And the quick and easy counter-service means you’ll never have to wait long for your food – which is a good thing, too. It’s a hot dog. If you ever have to wait long for one, you’re definitely doing it wrong (maybe that’s why Prairie Dogs didn’t last long? We digress).

They’re hot, they’re delicious, and they snap the right way when you bite into them, squirting mustard and ketchup everywhere. They’re done right. Just don’t wear white when you go.

The Wienery | 414 Cedar Ave, Minneapolis, MN 55454 | 651-333-5798

National Hot Dog Day, Twin Cities Agenda

Uncle Franky’s: A reminder of life’s simple pleasures

Uncle Franky’s is not something that tries to be anything other than what it is: It’s hot dogs. It’s all the right toppings piled high. It’s a slightly surly grill man. It’s small and smoky joint that that makes everything feel somehow better about the world as the hottest of dogs arrives in front of you.

(While the Chicago Dog is an obvious choice here, but we usually go for the Coney…)

See, if we can’t have good humor about the fact that hot dogs are a cultural icon in the United States – something that New York City, Chicago, Minneapolis, Detroit, etc. can all agree on, then we don’t really have much business writing about food. Uncle Franky’s is a timeless reminder that we can all eat savory, delicious comfort food together, without pretense or pomp and circumstance, with a big grin and greasy fingers.

Which, really, feels like the right way to describe “National Hot Dog Day” as a whole.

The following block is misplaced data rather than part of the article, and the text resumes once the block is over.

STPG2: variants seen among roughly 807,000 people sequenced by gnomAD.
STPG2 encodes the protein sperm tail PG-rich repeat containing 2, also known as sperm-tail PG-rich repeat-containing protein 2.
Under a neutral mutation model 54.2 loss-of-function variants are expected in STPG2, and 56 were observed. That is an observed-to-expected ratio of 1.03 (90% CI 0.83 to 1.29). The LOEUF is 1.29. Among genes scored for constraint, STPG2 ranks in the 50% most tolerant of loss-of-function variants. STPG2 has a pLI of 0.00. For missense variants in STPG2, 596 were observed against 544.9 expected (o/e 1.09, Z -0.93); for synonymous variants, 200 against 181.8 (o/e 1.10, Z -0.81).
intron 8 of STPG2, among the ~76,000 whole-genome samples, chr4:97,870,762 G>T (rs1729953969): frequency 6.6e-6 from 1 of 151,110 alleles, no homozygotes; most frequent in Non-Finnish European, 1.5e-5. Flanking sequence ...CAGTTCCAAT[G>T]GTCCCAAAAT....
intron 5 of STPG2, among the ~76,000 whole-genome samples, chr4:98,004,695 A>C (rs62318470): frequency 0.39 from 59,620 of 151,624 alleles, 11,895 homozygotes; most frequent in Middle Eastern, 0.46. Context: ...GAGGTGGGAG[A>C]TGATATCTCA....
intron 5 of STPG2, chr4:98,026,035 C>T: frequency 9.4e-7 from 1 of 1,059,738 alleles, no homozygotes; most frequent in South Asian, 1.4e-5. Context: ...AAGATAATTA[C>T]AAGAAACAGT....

Uncle Franky’s | 728 Broadway St NE, Minneapolis, MN 55413 | 612-455-2181

Waldmann: Past, present, and future

Waldmann is a wurstery which means they specialize in wurst, which is the German word for sausage, which was the inspiration behind the hot dog as we know it in America today – specifically a frankfurter, from Frankfurt, but you get the idea. They’re made in-house, and, with house-made mustards and ketchup as well, are perfect. They also make beer – they were a brewery first and foremost. It’s a wonderful combination.

And the experience is, once again, a major piece of why you should go here the next time you’re craving cased meat: It’s a restored 1853 beer bar, one of the very first in Minnesota, so you’re basically eating and drinking in a museum. A museum where you don’t have to whisper or worry about breaking anything.

It’s an incredible piece of St. Paul history brought back to life, and, with a brand-new patio just opened this summer, we imagine they’ll be around for many years to come.

Waldmann Brewery & Wurstery | 445 Smith Ave N, St Paul, MN 55102 | 651-222-1857

Read this next: A Tribute to Anthony Bourdain

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Born and raised in the suburbs of Saint Paul, MN, Brandon has immersed himself into being a local and sustainable advocate for delicious living. Working for the best Chef’s in the Twin Cities before becoming the Residence Chef at the Minnesota Governor’s Residence and personal Chef for the Zimmern family. Foraging, eating, parenting, writing, cycling, consulting, catering and hosting pop up dinners are what his free time entails.